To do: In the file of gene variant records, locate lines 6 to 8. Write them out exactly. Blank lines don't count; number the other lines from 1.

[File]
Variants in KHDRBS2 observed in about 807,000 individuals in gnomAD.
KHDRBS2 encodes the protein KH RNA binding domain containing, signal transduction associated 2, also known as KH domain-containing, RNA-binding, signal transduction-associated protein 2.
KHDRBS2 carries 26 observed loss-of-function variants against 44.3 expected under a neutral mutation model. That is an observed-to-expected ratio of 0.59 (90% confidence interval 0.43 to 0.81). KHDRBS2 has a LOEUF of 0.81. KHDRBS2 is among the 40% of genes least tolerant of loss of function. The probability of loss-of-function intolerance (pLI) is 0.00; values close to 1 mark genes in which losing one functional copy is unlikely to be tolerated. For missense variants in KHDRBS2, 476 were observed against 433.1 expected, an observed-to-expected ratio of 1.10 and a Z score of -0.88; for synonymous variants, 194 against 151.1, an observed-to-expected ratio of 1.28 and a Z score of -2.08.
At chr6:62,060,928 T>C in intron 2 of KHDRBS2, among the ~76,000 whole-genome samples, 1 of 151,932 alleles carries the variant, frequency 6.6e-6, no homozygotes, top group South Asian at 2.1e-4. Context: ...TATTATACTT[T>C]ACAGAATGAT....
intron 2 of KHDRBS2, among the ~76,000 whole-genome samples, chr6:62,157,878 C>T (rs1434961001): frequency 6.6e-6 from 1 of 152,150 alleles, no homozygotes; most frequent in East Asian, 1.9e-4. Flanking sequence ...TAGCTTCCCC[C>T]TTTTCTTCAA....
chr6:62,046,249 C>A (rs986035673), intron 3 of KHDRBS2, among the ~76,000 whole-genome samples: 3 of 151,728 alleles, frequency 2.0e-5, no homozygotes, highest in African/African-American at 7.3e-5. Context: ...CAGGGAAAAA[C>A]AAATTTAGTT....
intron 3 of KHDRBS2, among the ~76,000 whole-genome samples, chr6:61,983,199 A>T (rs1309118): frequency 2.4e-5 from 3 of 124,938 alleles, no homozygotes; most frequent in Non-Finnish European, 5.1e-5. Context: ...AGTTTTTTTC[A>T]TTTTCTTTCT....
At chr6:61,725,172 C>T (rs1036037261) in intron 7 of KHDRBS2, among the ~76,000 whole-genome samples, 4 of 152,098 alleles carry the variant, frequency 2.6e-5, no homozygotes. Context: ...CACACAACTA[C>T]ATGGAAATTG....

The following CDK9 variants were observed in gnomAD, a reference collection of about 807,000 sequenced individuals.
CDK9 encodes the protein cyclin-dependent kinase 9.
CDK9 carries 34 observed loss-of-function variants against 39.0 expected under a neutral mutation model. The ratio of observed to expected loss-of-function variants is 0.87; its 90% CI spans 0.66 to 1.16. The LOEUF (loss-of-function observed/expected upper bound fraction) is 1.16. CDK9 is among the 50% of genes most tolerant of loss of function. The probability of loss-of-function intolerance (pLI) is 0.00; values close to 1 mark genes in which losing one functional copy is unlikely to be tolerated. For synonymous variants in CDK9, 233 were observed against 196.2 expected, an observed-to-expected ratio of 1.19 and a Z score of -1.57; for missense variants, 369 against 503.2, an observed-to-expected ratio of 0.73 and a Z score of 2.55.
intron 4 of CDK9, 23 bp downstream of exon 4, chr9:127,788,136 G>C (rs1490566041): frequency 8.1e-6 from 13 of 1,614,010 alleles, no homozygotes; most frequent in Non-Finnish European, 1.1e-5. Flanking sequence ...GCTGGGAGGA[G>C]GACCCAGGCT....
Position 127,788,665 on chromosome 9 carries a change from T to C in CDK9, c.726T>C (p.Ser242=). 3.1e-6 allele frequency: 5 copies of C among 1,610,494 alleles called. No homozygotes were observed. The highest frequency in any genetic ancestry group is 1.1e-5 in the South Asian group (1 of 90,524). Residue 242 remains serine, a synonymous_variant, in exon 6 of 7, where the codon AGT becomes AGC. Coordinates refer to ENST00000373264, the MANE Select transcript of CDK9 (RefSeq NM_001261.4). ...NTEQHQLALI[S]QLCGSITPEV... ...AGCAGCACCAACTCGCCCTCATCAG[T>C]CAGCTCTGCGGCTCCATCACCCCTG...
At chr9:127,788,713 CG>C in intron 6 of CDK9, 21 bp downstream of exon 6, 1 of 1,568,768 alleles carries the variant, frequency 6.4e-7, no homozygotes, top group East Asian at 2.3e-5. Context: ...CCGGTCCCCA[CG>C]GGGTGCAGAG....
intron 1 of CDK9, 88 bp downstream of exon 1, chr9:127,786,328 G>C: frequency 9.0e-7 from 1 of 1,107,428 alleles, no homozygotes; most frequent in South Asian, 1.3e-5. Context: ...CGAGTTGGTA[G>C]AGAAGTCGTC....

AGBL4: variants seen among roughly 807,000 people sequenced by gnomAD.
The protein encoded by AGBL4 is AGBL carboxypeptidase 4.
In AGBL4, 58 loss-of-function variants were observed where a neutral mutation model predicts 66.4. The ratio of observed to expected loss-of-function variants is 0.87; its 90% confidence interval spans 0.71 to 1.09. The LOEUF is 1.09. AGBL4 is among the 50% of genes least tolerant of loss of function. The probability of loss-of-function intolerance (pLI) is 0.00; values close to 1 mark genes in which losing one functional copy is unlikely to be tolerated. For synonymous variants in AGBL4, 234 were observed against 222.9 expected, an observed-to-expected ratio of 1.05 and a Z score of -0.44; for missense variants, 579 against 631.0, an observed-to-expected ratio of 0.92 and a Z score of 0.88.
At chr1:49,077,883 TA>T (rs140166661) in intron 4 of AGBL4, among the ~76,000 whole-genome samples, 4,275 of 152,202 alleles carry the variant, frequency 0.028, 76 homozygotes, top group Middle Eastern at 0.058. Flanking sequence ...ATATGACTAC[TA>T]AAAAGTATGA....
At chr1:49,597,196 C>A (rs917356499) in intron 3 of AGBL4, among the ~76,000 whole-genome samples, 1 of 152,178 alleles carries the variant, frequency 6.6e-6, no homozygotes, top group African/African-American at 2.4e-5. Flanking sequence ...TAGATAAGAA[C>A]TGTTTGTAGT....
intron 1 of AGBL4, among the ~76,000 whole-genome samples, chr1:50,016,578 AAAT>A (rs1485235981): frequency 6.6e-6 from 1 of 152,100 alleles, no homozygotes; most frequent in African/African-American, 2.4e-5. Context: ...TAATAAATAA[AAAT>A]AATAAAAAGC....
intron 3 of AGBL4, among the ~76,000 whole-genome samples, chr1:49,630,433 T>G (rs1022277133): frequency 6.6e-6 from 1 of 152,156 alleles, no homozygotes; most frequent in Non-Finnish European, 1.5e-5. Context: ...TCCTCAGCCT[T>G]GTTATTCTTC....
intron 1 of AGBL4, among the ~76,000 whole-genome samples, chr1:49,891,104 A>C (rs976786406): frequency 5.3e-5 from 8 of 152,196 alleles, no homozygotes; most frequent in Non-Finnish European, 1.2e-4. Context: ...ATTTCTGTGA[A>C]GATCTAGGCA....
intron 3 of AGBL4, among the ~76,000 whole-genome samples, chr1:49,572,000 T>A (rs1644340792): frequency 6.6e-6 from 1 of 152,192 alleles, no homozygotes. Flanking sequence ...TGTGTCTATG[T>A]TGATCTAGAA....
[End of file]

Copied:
chr6:62,046,249 C>A (rs986035673), intron 3 of KHDRBS2, among the ~76,000 whole-genome samples: 3 of 151,728 alleles, frequency 2.0e-5, no homozygotes, highest in African/African-American at 7.3e-5. Context: ...CAGGGAAAAA[C>A]AAATTTAGTT....
intron 3 of KHDRBS2, among the ~76,000 whole-genome samples, chr6:61,983,199 A>T (rs1309118): frequency 2.4e-5 from 3 of 124,938 alleles, no homozygotes; most frequent in Non-Finnish European, 5.1e-5. Context: ...AGTTTTTTTC[A>T]TTTTCTTTCT....
At chr6:61,725,172 C>T (rs1036037261) in intron 7 of KHDRBS2, among the ~76,000 whole-genome samples, 4 of 152,098 alleles carry the variant, frequency 2.6e-5, no homozygotes. Context: ...CACACAACTA[C>T]ATGGAAATTG....